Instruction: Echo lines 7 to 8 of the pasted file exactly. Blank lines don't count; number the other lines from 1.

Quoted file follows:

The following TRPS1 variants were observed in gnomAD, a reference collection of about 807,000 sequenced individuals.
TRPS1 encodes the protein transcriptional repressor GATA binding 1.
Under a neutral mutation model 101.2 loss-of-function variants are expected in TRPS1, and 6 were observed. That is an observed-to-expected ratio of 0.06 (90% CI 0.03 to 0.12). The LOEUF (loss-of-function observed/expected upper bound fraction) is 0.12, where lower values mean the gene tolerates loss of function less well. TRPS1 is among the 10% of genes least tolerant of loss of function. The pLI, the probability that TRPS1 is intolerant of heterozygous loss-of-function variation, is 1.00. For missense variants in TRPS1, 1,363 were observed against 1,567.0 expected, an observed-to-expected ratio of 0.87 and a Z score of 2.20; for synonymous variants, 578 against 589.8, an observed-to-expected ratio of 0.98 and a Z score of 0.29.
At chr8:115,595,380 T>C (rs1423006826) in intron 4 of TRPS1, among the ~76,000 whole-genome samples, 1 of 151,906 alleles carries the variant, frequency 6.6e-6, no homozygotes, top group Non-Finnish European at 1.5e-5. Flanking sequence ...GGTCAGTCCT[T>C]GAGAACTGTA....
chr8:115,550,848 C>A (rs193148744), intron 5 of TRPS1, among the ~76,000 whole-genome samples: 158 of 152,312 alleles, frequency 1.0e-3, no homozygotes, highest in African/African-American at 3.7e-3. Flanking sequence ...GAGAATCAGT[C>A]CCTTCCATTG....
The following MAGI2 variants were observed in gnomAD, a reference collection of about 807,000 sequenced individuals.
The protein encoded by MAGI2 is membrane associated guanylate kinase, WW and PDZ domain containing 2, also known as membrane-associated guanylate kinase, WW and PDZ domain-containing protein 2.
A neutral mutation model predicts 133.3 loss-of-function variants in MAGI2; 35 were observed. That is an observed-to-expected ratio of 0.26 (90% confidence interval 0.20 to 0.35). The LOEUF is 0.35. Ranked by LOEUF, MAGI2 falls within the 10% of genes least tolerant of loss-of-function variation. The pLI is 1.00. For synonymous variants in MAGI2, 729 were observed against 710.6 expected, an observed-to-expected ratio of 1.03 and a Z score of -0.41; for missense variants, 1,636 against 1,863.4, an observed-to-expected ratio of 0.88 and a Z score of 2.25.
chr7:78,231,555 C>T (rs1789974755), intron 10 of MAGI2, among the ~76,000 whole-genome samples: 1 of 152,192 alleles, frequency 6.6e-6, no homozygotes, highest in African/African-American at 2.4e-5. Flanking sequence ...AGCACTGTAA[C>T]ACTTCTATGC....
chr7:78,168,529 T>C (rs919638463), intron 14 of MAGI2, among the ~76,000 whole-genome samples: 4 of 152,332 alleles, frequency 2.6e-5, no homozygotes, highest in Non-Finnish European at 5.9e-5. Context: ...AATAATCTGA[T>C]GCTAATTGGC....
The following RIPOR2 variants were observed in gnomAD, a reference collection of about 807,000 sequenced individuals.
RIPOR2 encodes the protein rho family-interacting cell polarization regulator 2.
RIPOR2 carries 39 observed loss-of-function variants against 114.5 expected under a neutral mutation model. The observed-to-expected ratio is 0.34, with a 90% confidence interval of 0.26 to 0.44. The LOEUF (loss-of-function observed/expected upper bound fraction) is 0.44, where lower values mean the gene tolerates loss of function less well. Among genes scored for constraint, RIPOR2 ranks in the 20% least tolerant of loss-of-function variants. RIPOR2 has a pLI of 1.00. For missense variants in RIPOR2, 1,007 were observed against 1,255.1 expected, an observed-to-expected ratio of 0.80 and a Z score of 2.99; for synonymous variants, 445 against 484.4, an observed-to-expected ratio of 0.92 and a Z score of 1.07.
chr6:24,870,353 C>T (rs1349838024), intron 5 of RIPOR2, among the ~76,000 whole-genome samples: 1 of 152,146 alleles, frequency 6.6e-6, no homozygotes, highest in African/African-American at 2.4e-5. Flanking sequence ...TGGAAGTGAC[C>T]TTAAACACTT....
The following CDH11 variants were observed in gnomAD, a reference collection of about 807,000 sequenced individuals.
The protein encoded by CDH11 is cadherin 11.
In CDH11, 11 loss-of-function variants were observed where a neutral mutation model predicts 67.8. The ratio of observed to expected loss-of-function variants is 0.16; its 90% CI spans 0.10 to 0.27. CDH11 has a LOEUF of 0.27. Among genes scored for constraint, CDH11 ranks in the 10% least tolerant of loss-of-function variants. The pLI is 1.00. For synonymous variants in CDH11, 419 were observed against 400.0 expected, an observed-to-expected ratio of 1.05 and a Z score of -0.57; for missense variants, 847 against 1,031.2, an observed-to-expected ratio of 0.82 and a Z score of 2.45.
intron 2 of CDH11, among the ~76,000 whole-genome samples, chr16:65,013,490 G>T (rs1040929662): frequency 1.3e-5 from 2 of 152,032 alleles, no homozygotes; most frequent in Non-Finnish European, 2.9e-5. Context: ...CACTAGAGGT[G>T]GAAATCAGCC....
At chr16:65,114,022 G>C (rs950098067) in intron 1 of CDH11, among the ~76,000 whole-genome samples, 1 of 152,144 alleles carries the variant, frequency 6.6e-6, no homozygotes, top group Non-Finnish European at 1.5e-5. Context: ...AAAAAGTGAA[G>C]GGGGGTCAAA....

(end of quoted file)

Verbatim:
The protein encoded by MAGI2 is membrane associated guanylate kinase, WW and PDZ domain containing 2, also known as membrane-associated guanylate kinase, WW and PDZ domain-containing protein 2.
A neutral mutation model predicts 133.3 loss-of-function variants in MAGI2; 35 were observed. That is an observed-to-expected ratio of 0.26 (90% confidence interval 0.20 to 0.35). The LOEUF is 0.35. Ranked by LOEUF, MAGI2 falls within the 10% of genes least tolerant of loss-of-function variation. The pLI is 1.00. For synonymous variants in MAGI2, 729 were observed against 710.6 expected, an observed-to-expected ratio of 1.03 and a Z score of -0.41; for missense variants, 1,636 against 1,863.4, an observed-to-expected ratio of 0.88 and a Z score of 2.25.